ILNews

Judge dismisses school uniform suit

Michael W. Hoskins
January 1, 2007
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The other shoe has dropped in the Anderson school uniform legal challenge as a federal judge in Indianapolis has dismissed the suit.

U.S. District Judge John D. Tinder granted summary judgment for the school district late Monday, denying a preliminary injunction request from pro se parent plaintiffs Laura and Scott Bell. The couple filed a suit in Madison Circuit Court July 17 against Anderson Community Schools, claiming that a policy set to start on the first day of school Aug. 20 would violate the constitutional right of children to a free education.

Judge Tinder found they "utterly failed" to respond to requests for document discovery and hadn't shown any likelihood to prevail in court. He hinted at dismissal late last week when canceling a hearing set for Monday because of couple's lack of response, and he wrote in this latest 25-page order that this cancellation did not deny them "their day in court."

"The Bells were, however, given all the protections afforded any litigant in federal court and, as pro se litigants, their complaint was liberally read and construed," Judge Tinder wrote. "It was the Bells who did not comply with the requirements of the court's scheduling order."

Any state law claims remaining in the suit would be remanded to state court in Madison County, he added.

This means the dress code - similar to those implemented in other Hoosier school districts such as the Indianapolis Public Schools that took effect this week - can take effect once school begins. The policy limits students to black, navy, or khaki pants or skirts and solid color shirts and sweaters. Students wouldn't be allowed to wear baggy pants or skirts sagging below the midriffs, or shirts with writing on them.
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  1. Indiana's seatbelt law is not punishable as a crime. It is an infraction. Apparently some of our Circuit judges have deemed settled law inapplicable if it fails to fit their litmus test of political correctness. Extrapolating to redefine terms of behavior in a violation of immigration law to the entire body of criminal law leaves a smorgasbord of opportunity for judicial mischief.

  2. I wonder if $10 diversions for failure to wear seat belts are considered moral turpitude in federal immigration law like they are under Indiana law? Anyone know?

  3. What a fine article, thank you! I can testify firsthand and by detailed legal reports (at end of this note) as to the dire consequences of rejecting this truth from the fine article above: "The inclusion and expansion of this right [to jury] in Indiana’s Constitution is a clear reflection of our state’s intention to emphasize the importance of every Hoosier’s right to make their case in front of a jury of their peers." Over $20? Every Hoosier? Well then how about when your very vocation is on the line? How about instead of a jury of peers, one faces a bevy of political appointees, mini-czars, who care less about due process of the law than the real czars did? Instead of trial by jury, trial by ideological ordeal run by Orwellian agents? Well that is built into more than a few administrative law committees of the Ind S.Ct., and it is now being weaponized, as is revealed in articles posted at this ezine, to root out post moderns heresies like refusal to stand and pledge allegiance to all things politically correct. My career was burned at the stake for not so saluting, but I think I was just one of the early logs. Due, at least in part, to the removal of the jury from bar admission and bar discipline cases, many more fires will soon be lit. Perhaps one awaits you, dear heretic? Oh, at that Ind. article 12 plank about a remedy at law for every damage done ... ah, well, the founders evidently meant only for those damages done not by the government itself, rabid statists that they were. (Yes, that was sarcasm.) My written reports available here: Denied petition for cert (this time around): http://tinyurl.com/zdmawmw Denied petition for cert (from the 2009 denial and five year banishment): http://tinyurl.com/zcypybh Related, not written by me: Amicus brief: http://tinyurl.com/hvh7qgp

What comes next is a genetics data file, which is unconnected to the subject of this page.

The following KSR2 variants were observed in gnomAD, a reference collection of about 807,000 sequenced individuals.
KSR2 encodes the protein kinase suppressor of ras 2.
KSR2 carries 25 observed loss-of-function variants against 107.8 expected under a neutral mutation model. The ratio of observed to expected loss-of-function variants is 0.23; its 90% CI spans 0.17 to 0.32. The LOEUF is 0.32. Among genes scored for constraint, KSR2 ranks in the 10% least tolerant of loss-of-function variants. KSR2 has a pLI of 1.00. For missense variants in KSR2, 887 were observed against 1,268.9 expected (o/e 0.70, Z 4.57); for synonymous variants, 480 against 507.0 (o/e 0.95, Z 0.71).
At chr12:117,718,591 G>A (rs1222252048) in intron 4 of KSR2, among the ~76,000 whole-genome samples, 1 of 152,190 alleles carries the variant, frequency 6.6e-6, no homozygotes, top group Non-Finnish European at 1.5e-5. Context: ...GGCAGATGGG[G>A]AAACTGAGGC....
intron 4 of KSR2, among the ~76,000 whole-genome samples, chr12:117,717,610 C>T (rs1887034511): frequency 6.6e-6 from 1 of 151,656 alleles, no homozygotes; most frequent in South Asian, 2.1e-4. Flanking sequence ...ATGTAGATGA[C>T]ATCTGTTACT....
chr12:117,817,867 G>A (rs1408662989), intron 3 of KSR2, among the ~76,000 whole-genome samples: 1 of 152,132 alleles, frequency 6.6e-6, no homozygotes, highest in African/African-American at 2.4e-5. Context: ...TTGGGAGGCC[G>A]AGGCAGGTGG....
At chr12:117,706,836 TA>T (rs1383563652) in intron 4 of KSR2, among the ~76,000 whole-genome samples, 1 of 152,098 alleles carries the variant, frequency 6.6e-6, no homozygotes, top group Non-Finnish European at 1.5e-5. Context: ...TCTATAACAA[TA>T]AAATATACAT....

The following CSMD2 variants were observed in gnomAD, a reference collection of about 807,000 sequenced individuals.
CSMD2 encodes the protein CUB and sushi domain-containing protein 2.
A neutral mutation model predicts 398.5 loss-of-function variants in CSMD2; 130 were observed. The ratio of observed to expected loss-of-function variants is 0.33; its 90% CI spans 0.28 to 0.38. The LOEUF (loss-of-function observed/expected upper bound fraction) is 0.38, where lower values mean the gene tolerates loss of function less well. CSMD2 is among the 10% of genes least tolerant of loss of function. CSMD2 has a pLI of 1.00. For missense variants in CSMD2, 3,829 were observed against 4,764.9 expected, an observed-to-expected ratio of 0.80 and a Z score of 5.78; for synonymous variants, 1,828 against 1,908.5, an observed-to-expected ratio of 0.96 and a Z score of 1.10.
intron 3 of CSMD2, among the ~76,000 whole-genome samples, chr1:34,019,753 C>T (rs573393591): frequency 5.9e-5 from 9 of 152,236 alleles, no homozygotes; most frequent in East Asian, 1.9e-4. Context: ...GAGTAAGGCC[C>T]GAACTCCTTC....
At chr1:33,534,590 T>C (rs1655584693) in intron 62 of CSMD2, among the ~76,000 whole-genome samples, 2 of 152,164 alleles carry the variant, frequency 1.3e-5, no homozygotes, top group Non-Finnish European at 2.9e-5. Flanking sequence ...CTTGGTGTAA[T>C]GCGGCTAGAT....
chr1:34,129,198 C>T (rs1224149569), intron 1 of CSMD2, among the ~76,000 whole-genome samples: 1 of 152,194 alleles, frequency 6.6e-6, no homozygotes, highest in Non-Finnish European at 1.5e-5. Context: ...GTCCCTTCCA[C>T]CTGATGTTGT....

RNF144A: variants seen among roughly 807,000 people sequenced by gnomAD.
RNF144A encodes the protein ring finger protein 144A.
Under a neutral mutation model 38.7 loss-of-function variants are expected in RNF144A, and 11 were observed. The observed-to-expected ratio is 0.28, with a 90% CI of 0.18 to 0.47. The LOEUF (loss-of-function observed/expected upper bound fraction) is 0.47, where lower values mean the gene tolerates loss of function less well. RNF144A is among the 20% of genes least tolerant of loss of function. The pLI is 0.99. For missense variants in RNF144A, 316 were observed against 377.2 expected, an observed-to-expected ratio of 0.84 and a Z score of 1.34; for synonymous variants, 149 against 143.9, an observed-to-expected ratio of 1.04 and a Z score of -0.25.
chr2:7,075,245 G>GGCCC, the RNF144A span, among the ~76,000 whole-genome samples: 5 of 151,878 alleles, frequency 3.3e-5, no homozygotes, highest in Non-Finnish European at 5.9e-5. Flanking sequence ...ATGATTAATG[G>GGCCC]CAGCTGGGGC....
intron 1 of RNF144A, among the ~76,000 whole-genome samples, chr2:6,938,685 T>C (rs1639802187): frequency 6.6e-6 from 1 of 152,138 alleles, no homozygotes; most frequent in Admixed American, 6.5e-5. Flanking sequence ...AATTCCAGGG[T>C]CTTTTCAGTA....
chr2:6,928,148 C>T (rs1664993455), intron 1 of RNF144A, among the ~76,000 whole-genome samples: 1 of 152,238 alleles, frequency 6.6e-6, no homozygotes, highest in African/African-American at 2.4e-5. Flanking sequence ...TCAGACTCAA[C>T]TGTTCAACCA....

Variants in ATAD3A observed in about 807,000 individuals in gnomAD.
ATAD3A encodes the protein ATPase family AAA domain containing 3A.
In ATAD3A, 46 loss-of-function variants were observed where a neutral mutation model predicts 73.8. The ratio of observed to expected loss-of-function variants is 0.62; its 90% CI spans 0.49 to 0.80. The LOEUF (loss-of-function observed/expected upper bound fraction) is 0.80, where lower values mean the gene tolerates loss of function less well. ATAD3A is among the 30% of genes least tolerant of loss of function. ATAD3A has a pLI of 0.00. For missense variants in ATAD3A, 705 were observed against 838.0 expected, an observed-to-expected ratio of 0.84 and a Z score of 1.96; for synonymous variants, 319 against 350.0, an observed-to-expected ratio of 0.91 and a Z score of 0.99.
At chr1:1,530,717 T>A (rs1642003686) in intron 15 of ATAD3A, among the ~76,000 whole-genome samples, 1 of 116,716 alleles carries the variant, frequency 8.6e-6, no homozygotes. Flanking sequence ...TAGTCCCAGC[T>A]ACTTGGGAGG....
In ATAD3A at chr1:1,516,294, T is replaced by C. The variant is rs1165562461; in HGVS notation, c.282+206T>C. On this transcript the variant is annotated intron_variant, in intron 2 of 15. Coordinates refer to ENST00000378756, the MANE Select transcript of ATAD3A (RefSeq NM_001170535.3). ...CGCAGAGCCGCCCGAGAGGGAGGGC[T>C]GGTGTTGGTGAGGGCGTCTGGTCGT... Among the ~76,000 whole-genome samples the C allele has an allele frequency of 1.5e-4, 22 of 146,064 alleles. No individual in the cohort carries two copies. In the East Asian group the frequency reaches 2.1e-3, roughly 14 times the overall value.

4. Justice has finally been served. So glad that Dr. Ley can finally sleep peacefully at night knowing the truth has finally come to the surface.

  5. While this right is guaranteed by our Constitution, it has in recent years been hampered by insurance companies, i.e.; the practice of the plaintiff's own insurance company intervening in an action and filing a lien against any proceeds paid to their insured. In essence, causing an additional financial hurdle for a plaintiff to overcome at trial in terms of overall award. In a very real sense an injured party in exercise of their right to trial by jury may be the only party in a cause that would end up with zero compensation.

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